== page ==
Asynchronous recovery without using vector timestamps

D. Manivannan, M. Singhal

Research output: Contribution to journalArticlepeer-review

31 Scopus citations


A checkpoint of a process involved in a distributed computation is said to be useful if it is part of a consistent global checkpoint. In this paper, we present a quasi-synchronous checkpointing algorithm that makes every checkpoint useful. We also present an efficient asynchronous recovery algorithm based on the checkpointing algorithm. The checkpointing algorithm allows the processes to take checkpoints asynchronously and also forces the processes to take additional checkpoints in order to make every checkpoint useful. The recovery algorithm can handle concurrent failure of multiple processes. The recovery algorithm has no domino effect and a failed process needs only to roll back to its latest checkpoint and request the other processes to roll back to a consistent checkpoint. Messages are only selectively logged to cope with various types of message abnormalities that arise due to rollback and hence results in low message logging overhead. Unlike some existing algorithms, our algorithm does not use vector timestamps for tracking dependency between checkpoints and hence results in low message overhead during failure-free operation. Moreover, a process can asynchronously decide garbage checkpoints and delete them from the stable storage-garbage checkpoints are the checkpoints that are no longer required for the purpose of recovery.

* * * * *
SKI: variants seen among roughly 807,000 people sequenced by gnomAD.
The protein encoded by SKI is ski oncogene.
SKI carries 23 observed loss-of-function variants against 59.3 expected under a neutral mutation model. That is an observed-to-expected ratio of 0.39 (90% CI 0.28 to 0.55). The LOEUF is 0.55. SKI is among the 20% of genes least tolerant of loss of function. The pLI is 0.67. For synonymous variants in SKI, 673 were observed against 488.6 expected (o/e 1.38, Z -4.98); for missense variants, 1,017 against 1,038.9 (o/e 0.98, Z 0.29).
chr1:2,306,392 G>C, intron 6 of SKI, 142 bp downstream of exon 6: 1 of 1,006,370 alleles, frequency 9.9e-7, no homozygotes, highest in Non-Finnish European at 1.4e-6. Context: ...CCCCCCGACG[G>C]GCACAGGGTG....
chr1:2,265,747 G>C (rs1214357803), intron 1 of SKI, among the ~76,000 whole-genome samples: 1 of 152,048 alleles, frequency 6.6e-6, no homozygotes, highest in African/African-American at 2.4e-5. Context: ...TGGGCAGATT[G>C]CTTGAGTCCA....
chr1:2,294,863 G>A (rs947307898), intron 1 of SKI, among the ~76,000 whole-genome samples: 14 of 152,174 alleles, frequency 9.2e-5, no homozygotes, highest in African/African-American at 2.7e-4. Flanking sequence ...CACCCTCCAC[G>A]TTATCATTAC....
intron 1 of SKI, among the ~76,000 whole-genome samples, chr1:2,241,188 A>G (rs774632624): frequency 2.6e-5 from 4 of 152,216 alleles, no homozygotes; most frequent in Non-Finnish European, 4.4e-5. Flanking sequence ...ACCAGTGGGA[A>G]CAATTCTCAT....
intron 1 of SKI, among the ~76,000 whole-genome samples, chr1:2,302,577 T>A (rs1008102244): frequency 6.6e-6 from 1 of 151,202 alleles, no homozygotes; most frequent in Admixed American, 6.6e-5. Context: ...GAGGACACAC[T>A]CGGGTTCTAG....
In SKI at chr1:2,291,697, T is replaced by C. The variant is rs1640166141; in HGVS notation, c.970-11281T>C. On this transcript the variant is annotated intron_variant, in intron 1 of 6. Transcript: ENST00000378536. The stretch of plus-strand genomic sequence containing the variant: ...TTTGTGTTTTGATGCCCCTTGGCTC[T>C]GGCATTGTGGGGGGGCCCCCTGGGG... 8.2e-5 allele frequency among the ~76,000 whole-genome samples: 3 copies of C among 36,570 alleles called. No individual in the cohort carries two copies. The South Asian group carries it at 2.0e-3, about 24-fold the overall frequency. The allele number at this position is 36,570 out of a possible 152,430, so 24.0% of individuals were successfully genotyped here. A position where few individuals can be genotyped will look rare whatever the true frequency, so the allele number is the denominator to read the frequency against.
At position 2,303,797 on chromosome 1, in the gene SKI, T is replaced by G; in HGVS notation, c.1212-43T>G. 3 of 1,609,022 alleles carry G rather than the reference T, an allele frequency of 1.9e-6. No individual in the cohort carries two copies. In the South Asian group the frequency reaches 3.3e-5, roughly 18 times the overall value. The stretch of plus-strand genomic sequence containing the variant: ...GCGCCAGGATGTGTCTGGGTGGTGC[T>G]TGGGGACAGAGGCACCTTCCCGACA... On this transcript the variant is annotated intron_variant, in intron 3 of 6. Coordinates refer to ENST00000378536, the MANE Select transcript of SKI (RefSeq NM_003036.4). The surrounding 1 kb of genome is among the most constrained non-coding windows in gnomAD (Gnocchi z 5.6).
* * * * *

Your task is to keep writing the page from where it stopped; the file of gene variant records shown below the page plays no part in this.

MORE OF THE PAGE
Original languageEnglish
Pages (from-to)1695-1728
Number of pages34
JournalJournal of Parallel and Distributed Computing
Issue number12
StatePublished - Dec 1 2002

Bibliographical note

Funding Information:
D. Manivannan received a B.Sc. in mathematics with special distinction from the University of Madras, Madras, India. He received an MS in mathematics, and an MS in computer science from The Ohio State University, Columbus, Ohio, in 1992 and 1993, respectively. He received his Ph.D. in computer science from The Ohio State University in 1997. Manivannan is currently an assistant professor of computer science at University of Kentucky, Lexington. His research interests include distributed systems, operating systems, mobile computing systems, and interprocess communication in parallel architectures. He is a member of ACM, IEEE, and IEEE Computer Society. Manivannan is a recipient of the CAREER Award from the National Science Foundation.

Funding Information:
This research was supported in part by the National Science Foundation, CAREER Award # CCR-9983584.


  • Asynchronous recovery
  • Communication-induced checkpointing
  • Distributed checkpointing
  • Failure-recovery
  • Fault-tolerance
  • Multiple failures
  • Quasi-synchronous checkpointing
  • Rollback-recovery
  • Vector timestamps

ASJC Scopus subject areas

  • Software
  • Theoretical Computer Science
  • Hardware and Architecture
  • Computer Networks and Communications
  • Artificial Intelligence


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